Proposed Medicare Physician Fee Schedule Rule Jeopardizes Patient Care, Argues the Surgical Care Coalition

Source: Surgical Care Coalition

The Medicare Physician Fee Schedule proposed rule released by the Centers for Medicare & Medicaid Services (CMS) for 2021 jeopardizes patient care, specifically surgical care, according to a Surgical Care Coalition news release. While the proposed rule takes steps to increase access to care through telehealth, it also has the potential to drastically reduce patients’ access to surgical care, just as many patients have delayed care due to COVID-19.

In the fee schedule announced by CMS, surgeons will see their Medicare payments cut by 9% for cardiac surgery, 8% for thoracic surgery, 7% for vascular surgery, 7% for general surgery, 7% for neurosurgery and 6% for ophthalmology for CY2021.

“We support steps to expand access to care, but this rule takes one step forward and several steps back by disregarding patients’ needs and the surgeons who care for them. The middle of a pandemic is no time for cuts to any form of health care, yet this proposed rule moves ahead as if nothing has changed. The health care system cannot absorb cuts of this magnitude,” David B. Hoyt, MD, FACS, American College of Surgeons Executive Director, said in the news release. “The Surgical Care Coalition believes no physician should see payment cuts that will reduce patients’ access to care. This proposed rule would move forward with significant payment cuts that will only make the situation worse and harm patients.”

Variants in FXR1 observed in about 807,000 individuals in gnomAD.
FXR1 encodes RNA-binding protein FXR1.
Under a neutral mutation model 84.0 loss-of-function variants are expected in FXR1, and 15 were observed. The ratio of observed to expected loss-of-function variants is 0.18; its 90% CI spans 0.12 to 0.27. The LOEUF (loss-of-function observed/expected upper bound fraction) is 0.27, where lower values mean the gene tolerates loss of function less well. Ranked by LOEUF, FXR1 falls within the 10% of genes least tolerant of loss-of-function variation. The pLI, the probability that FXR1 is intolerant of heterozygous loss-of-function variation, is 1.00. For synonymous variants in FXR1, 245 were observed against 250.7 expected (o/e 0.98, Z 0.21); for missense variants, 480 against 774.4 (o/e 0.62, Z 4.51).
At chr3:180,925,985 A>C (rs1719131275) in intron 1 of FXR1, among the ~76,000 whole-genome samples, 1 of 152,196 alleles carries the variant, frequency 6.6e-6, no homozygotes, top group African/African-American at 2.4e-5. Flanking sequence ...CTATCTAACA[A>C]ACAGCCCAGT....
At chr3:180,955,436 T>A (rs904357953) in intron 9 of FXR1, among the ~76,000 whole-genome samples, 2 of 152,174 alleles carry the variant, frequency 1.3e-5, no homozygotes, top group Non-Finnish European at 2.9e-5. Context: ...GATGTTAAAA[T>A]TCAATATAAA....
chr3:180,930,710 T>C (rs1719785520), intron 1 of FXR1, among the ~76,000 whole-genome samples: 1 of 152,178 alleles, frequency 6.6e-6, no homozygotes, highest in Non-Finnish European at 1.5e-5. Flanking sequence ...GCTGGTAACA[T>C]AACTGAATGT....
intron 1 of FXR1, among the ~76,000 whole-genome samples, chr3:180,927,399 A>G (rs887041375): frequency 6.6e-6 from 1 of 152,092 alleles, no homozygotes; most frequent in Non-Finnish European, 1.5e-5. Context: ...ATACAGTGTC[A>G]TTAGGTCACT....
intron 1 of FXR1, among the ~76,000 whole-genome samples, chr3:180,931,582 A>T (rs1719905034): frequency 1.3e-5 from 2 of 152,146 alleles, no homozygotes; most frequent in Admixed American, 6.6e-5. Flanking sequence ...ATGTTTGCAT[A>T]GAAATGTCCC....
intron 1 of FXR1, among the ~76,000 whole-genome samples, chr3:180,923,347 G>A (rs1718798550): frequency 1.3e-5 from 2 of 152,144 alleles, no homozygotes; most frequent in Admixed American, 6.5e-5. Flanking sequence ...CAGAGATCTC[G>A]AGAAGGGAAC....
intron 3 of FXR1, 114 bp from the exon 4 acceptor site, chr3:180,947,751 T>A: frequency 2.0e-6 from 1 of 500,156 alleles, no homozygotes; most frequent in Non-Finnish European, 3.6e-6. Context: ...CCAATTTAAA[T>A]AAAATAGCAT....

The proposed rule affirms, and for some surgical specialties increases, the cuts CMS announced last year, which are set to take effect January 1, 2021.

“These cuts will reduce payments to nearly all surgical specialties, including by as much as 9 percent for some surgeons. The policy was ill-informed and dangerous to patients even before the pandemic started but could be even more detrimental as our health care system continues to weaken under COVID-19,” according to the Surgical Care Coalition. “To stop these cuts and preserve care for patients, Congress must act now. The Surgical Care Coalition is urging Congress to enact legislation to waive Medicare’s budget neutrality requirements for these E/M adjustments and to require CMS to apply the increased E/M adjustment to all 10- and 90-day global code values.”

In a survey earlier this year, one-in-three private surgical practices stated that they are already at risk of closing permanently due to the financial strain of the COVID-19 crisis. In the same survey, it was found that nearly half of surgeons face more difficult financial decisions, and are responding by either cutting their own pay or paying employees in the face of declining revenues. This rule will likely force surgeons to take fewer Medicare patients leading to longer wait times and reduced access to care for older Americans.


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